Nikola Stikov, is an Associate Professor of Electrical Engineering at Polytechnique Montreal.
In his interview with Paul Weavers, he talks about the importance of open science and his realization throughout his studies and research that the way we communicate needs to become more transparent.
Paul Weavers (PW): Nikola, what I see most publicized and most associated with you is the open science push. Can you describe the goals behind your side job?
Nikola Stikov (NS): For me it has become more than a side job – you could even say it is my main job – and it comes from this feeling that the way we do science should be more transparent! Not only becoming more transparent on data processing but also on the way we communicate our research findings.
Initially, my research was on developing techniques for MRI. However, throughout my PhD at Stanford and my postdoc at the Montreal Neurological Institute – which took about 10 years total – I realized that there is not enough transparency in the way we do our experiments and definitely not in the way we communicate our results to the public. Therefore, when I got a faculty job, I decided: transparency will be one of the most important poles of the research for my lab. Whatever we do, we will try to make it easy for people to reproduce it.
PW: Was it the inability to replicate other people’s work or the desire for other people to replicate your work that pushed you into open science?
NS: It was just the frustration with the PDF format of publishing papers. My first realization of this happened while I was working on an ISMRM (International Society for Magnetic Resonance in Medicine) conference abstract. The abstract was accepted, I presented a poster and it was very well received.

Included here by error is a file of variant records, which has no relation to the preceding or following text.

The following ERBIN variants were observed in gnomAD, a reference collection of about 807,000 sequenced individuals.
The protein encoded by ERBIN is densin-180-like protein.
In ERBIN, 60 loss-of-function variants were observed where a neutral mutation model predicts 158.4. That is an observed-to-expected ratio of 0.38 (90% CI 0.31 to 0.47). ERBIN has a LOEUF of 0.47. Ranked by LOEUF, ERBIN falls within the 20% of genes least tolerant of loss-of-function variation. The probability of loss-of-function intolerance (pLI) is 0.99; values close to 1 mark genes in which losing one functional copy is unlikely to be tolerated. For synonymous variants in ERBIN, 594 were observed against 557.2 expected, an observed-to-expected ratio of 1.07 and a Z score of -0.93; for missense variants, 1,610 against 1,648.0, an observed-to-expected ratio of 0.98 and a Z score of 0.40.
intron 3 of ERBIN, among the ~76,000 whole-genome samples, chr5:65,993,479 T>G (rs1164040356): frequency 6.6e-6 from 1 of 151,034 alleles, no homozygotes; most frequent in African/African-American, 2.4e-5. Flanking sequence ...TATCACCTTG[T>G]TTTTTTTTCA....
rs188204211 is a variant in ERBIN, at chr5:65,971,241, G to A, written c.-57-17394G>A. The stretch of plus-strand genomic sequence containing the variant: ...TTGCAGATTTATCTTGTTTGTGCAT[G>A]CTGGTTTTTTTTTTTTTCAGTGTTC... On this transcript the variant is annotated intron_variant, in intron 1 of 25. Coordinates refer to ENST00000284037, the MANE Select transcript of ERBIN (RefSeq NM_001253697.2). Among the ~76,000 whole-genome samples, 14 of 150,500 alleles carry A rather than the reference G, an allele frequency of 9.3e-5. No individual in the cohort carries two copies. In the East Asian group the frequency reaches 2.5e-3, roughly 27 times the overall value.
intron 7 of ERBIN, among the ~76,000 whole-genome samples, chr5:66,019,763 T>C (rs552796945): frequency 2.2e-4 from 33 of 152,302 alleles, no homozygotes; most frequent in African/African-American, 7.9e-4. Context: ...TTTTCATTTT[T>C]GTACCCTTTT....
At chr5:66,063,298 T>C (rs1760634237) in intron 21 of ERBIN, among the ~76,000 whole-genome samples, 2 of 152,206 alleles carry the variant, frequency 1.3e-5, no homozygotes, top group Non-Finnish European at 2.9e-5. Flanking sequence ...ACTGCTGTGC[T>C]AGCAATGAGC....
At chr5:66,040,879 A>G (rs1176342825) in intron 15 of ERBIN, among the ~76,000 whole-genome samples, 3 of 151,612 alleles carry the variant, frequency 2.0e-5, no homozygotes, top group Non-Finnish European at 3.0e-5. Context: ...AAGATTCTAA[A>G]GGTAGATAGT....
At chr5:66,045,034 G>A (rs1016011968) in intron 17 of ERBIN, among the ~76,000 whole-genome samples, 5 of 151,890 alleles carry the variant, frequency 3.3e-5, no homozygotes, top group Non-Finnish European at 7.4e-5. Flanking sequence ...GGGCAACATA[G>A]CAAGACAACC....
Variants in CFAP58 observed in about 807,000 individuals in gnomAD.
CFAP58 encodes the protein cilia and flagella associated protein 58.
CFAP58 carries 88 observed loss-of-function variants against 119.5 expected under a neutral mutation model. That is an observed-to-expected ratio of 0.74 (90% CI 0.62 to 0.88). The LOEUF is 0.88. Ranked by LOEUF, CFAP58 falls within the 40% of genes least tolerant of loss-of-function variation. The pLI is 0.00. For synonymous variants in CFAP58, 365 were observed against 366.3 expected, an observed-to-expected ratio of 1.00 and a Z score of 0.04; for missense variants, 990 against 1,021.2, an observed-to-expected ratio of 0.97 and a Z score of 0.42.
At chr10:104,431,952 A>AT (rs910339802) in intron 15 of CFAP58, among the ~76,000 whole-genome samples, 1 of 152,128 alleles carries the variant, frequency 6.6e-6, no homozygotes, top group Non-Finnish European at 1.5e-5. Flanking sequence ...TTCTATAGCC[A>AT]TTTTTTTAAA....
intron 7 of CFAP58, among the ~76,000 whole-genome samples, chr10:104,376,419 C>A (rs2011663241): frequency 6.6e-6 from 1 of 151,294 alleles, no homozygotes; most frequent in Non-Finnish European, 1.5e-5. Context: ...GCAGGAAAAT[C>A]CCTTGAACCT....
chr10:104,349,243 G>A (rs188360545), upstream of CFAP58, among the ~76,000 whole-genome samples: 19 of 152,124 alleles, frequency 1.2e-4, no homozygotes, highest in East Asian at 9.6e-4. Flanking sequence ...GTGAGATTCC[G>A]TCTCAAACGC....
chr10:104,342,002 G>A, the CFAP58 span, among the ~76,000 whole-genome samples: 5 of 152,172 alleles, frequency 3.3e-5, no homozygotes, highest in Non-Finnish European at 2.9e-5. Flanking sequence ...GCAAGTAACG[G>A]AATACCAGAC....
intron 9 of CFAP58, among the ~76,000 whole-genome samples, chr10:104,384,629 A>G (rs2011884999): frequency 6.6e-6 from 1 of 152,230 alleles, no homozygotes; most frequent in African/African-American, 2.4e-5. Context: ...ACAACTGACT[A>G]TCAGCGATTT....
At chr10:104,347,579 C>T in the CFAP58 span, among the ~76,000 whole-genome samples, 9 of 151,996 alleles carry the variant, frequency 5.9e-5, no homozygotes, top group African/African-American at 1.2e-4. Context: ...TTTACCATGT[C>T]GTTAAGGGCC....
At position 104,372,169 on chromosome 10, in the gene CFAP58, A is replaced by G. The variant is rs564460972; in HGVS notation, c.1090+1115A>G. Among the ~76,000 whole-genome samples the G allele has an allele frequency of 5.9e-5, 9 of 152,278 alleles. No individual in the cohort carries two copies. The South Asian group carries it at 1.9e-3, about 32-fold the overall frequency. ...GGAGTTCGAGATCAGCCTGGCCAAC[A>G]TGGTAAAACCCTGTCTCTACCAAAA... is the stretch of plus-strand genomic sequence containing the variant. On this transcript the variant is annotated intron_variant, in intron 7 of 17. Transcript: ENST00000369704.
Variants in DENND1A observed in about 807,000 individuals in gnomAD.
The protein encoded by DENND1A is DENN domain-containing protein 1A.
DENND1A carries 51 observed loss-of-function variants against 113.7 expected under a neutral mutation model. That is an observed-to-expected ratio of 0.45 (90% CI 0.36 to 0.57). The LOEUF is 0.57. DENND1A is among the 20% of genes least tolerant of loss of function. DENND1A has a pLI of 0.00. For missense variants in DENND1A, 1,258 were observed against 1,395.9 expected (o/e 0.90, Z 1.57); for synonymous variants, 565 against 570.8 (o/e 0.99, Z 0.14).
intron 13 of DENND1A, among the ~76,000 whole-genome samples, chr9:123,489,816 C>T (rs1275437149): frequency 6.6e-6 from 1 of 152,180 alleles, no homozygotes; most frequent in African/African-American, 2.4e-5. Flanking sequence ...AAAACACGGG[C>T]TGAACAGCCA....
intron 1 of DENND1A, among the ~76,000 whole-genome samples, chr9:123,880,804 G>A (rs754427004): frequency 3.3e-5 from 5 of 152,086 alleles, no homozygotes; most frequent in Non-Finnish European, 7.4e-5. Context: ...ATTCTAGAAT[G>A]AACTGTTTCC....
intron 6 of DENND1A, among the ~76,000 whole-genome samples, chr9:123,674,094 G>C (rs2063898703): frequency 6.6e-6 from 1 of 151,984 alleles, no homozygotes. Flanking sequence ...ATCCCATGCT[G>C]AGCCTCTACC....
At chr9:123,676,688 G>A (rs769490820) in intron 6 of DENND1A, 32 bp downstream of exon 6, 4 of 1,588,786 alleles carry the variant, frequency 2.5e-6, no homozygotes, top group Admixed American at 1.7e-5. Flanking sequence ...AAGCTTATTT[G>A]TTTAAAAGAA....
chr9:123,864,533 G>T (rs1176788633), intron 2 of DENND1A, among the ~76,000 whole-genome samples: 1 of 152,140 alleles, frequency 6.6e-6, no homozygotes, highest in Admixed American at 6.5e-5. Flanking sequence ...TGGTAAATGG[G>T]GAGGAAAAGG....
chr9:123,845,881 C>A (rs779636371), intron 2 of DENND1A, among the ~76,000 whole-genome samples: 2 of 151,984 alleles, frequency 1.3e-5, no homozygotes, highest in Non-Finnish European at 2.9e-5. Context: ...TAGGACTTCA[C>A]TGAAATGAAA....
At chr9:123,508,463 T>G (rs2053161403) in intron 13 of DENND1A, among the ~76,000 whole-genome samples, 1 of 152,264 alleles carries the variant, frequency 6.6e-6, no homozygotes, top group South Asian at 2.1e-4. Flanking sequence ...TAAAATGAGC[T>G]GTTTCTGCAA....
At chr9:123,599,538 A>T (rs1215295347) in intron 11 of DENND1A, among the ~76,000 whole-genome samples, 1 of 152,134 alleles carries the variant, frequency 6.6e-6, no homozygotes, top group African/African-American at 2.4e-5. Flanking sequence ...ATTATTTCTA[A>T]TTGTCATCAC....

I asked my PhD supervisor John Pauly if we should publish this paper and his counter question was if I have calculated the opportunity costs of writing that paper. I realized that the price you pay for writing a paper is not being able to work on something else. Therefore, I decided not to write a 10-page PDF on my abstract and focus on something that I wanted to write about – and that took a long time. I spent about 5 years after that not publishing a single paper.
Given that I have managed to make a career out of that very long path of calculating opportunity costs and not publishing PDFs, now I want to change the way we communicate research. I want us to take our time and only write a paper when we are actually ready. And the way to do it is by complementing the paper with data, code and hopefully with transparent post-publication review.
PW: That is a very lofty idea to have. The metric for success as I understand it is not how well someone else could do this work or how well someone understands it – it is how many papers get published. How do we make these two rewards compatible?